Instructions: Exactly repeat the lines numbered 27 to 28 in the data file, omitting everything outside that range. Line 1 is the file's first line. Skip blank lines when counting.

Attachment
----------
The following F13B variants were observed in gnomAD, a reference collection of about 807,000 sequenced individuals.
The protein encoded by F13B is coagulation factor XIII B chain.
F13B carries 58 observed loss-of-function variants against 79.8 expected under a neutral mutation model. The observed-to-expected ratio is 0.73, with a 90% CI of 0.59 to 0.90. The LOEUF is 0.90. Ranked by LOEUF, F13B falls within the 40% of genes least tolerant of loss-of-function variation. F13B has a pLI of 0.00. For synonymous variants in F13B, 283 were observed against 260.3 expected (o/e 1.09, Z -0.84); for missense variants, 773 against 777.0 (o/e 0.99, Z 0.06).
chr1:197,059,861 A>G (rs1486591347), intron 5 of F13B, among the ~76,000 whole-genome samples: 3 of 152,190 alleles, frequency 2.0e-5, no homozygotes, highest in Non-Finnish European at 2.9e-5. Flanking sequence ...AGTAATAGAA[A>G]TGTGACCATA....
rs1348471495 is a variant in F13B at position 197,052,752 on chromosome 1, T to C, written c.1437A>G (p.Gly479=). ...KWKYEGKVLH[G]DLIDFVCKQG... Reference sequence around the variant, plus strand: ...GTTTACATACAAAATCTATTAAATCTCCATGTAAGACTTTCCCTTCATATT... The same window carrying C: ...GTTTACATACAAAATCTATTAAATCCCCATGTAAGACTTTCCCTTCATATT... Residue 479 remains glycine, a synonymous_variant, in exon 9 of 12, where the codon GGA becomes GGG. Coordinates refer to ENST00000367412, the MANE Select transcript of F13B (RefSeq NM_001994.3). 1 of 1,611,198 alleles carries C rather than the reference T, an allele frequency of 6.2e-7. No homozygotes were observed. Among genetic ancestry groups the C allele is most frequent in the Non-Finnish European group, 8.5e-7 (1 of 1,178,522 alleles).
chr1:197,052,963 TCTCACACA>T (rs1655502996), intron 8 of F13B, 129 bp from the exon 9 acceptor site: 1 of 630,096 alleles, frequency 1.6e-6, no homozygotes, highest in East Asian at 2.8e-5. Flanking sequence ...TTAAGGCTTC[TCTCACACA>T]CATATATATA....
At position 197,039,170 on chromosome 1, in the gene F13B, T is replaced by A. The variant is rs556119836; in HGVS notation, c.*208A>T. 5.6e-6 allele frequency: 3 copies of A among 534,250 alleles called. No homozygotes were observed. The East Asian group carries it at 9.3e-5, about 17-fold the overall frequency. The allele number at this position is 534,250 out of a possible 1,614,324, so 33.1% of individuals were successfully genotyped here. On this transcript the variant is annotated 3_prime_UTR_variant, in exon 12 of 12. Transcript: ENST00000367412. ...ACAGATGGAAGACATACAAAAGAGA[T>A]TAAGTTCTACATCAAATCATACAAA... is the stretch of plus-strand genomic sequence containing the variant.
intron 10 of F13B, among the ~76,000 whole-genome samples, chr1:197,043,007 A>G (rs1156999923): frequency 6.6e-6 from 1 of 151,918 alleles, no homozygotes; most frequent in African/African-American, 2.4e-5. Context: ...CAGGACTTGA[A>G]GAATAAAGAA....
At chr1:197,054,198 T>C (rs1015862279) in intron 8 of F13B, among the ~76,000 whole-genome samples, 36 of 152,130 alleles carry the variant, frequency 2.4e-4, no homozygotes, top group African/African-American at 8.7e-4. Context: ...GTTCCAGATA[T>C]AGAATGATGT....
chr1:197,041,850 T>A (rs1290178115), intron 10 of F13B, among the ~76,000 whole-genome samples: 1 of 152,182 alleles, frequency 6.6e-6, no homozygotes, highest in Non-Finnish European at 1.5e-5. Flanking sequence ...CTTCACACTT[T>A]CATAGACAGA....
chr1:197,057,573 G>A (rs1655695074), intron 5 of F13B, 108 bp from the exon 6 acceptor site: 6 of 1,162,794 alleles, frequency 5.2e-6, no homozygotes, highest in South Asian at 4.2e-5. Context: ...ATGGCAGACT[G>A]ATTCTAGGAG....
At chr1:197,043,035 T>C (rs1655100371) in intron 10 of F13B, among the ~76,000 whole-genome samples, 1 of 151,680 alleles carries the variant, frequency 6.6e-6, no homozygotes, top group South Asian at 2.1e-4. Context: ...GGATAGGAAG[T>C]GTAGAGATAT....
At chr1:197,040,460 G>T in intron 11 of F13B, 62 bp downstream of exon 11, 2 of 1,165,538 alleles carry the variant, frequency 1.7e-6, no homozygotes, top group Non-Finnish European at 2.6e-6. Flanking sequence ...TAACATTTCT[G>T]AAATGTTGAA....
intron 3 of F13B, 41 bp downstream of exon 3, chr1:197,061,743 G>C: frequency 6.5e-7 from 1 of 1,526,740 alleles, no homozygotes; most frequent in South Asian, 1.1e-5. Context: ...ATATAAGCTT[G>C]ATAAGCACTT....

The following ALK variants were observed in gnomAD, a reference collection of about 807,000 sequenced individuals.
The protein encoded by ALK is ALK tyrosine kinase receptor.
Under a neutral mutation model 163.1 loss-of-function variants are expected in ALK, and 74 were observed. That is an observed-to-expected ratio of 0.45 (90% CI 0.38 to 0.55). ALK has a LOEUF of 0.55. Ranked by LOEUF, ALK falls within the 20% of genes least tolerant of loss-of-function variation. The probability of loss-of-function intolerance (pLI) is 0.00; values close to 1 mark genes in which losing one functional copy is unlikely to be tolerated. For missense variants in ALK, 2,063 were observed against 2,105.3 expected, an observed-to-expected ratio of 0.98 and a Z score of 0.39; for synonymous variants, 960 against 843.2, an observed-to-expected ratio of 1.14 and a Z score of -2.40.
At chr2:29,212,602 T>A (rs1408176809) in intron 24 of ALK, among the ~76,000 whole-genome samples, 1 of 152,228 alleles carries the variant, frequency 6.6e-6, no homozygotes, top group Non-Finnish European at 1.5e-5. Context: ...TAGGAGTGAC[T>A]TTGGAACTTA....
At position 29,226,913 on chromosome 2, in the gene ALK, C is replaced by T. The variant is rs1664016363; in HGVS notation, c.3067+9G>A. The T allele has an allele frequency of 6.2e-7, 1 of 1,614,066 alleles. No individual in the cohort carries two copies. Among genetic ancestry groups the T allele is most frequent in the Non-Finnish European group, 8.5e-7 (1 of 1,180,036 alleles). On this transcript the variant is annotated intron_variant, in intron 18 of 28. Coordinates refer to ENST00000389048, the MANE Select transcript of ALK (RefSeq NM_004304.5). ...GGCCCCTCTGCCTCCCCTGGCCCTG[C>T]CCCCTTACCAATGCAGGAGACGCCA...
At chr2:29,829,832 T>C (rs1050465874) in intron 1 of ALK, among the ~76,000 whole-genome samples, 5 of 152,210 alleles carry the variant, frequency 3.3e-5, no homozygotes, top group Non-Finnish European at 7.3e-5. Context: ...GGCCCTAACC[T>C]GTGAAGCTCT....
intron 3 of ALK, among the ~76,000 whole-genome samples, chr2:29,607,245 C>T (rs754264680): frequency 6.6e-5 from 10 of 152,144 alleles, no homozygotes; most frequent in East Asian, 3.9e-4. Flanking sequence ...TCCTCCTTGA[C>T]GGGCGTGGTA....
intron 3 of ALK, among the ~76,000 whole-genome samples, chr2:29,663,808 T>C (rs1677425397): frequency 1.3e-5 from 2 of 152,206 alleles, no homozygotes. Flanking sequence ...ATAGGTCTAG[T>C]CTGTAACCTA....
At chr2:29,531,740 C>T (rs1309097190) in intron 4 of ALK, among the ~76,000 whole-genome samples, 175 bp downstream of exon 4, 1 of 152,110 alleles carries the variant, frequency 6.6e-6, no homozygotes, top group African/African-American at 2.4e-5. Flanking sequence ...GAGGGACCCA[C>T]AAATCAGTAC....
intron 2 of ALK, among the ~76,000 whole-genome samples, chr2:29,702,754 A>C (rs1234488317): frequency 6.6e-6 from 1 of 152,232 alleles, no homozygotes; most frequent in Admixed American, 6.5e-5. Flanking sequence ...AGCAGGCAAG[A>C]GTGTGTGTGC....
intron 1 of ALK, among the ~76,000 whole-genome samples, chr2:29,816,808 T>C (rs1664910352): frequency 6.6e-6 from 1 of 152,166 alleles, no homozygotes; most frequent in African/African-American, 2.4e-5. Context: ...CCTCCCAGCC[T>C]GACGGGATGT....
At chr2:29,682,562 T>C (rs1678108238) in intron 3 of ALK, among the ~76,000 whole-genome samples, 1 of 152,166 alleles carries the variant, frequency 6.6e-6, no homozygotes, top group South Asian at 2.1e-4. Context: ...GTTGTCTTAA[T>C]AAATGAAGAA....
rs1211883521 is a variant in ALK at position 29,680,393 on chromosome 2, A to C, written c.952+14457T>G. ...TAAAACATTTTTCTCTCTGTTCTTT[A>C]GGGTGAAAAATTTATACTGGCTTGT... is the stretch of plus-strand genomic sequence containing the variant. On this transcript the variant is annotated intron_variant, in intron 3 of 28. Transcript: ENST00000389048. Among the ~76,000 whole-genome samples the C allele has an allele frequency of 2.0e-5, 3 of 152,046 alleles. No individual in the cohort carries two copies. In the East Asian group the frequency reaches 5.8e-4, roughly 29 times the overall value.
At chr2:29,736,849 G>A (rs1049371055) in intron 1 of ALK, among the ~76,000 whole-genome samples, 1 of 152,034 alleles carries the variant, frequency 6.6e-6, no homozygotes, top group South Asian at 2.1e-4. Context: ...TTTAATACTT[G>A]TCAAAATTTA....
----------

rs1211883521 is a variant in ALK at position 29,680,393 on chromosome 2, A to C, written c.952+14457T>G. ...TAAAACATTTTTCTCTCTGTTCTTT[A>C]GGGTGAAAAATTTATACTGGCTTGT... is the stretch of plus-strand genomic sequence containing the variant. On this transcript the variant is annotated intron_variant, in intron 3 of 28. Transcript: ENST00000389048. Among the ~76,000 whole-genome samples the C allele has an allele frequency of 2.0e-5, 3 of 152,046 alleles. No individual in the cohort carries two copies. In the East Asian group the frequency reaches 5.8e-4, roughly 29 times the overall value.
At chr2:29,736,849 G>A (rs1049371055) in intron 1 of ALK, among the ~76,000 whole-genome samples, 1 of 152,034 alleles carries the variant, frequency 6.6e-6, no homozygotes, top group South Asian at 2.1e-4. Context: ...TTTAATACTT[G>A]TCAAAATTTA....